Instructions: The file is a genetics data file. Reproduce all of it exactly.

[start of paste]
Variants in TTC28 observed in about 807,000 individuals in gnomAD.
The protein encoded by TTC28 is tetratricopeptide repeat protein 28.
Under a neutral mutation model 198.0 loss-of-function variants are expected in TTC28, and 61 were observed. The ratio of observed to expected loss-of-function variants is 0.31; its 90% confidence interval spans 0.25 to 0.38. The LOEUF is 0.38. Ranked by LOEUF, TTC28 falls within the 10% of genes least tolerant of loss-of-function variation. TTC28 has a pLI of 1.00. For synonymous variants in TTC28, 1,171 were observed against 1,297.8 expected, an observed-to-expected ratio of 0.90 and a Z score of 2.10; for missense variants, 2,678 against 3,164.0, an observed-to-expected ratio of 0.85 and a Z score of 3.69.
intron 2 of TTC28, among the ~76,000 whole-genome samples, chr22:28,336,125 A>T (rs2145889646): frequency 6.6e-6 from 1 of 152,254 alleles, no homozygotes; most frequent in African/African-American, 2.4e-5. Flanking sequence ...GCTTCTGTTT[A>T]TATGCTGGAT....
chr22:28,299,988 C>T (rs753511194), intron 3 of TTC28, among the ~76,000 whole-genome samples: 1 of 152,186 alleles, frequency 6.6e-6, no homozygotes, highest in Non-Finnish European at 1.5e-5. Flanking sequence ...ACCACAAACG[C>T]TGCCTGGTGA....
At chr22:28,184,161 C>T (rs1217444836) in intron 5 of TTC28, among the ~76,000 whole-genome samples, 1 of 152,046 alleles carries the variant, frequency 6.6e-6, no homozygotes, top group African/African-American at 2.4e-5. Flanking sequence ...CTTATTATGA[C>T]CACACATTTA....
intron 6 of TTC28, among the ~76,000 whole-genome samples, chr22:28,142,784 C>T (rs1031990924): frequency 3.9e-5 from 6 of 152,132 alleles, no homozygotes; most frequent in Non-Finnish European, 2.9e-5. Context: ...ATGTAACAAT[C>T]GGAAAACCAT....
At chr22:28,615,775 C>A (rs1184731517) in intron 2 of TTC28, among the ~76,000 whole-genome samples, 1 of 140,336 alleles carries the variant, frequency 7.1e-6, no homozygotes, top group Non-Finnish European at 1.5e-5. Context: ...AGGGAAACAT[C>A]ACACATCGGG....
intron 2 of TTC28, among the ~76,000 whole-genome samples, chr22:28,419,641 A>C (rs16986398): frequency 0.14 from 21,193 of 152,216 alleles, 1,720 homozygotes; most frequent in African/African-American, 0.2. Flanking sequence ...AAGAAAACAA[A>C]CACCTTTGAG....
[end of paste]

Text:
Variants in TTC28 observed in about 807,000 individuals in gnomAD.
The protein encoded by TTC28 is tetratricopeptide repeat protein 28.
Under a neutral mutation model 198.0 loss-of-function variants are expected in TTC28, and 61 were observed. The ratio of observed to expected loss-of-function variants is 0.31; its 90% confidence interval spans 0.25 to 0.38. The LOEUF is 0.38. Ranked by LOEUF, TTC28 falls within the 10% of genes least tolerant of loss-of-function variation. TTC28 has a pLI of 1.00. For synonymous variants in TTC28, 1,171 were observed against 1,297.8 expected, an observed-to-expected ratio of 0.90 and a Z score of 2.10; for missense variants, 2,678 against 3,164.0, an observed-to-expected ratio of 0.85 and a Z score of 3.69.
intron 2 of TTC28, among the ~76,000 whole-genome samples, chr22:28,336,125 A>T (rs2145889646): frequency 6.6e-6 from 1 of 152,254 alleles, no homozygotes; most frequent in African/African-American, 2.4e-5. Flanking sequence ...GCTTCTGTTT[A>T]TATGCTGGAT....
chr22:28,299,988 C>T (rs753511194), intron 3 of TTC28, among the ~76,000 whole-genome samples: 1 of 152,186 alleles, frequency 6.6e-6, no homozygotes, highest in Non-Finnish European at 1.5e-5. Flanking sequence ...ACCACAAACG[C>T]TGCCTGGTGA....
At chr22:28,184,161 C>T (rs1217444836) in intron 5 of TTC28, among the ~76,000 whole-genome samples, 1 of 152,046 alleles carries the variant, frequency 6.6e-6, no homozygotes, top group African/African-American at 2.4e-5. Flanking sequence ...CTTATTATGA[C>T]CACACATTTA....
intron 6 of TTC28, among the ~76,000 whole-genome samples, chr22:28,142,784 C>T (rs1031990924): frequency 3.9e-5 from 6 of 152,132 alleles, no homozygotes; most frequent in Non-Finnish European, 2.9e-5. Context: ...ATGTAACAAT[C>T]GGAAAACCAT....
At chr22:28,615,775 C>A (rs1184731517) in intron 2 of TTC28, among the ~76,000 whole-genome samples, 1 of 140,336 alleles carries the variant, frequency 7.1e-6, no homozygotes, top group Non-Finnish European at 1.5e-5. Context: ...AGGGAAACAT[C>A]ACACATCGGG....
intron 2 of TTC28, among the ~76,000 whole-genome samples, chr22:28,419,641 A>C (rs16986398): frequency 0.14 from 21,193 of 152,216 alleles, 1,720 homozygotes; most frequent in African/African-American, 0.2. Flanking sequence ...AAGAAAACAA[A>C]CACCTTTGAG....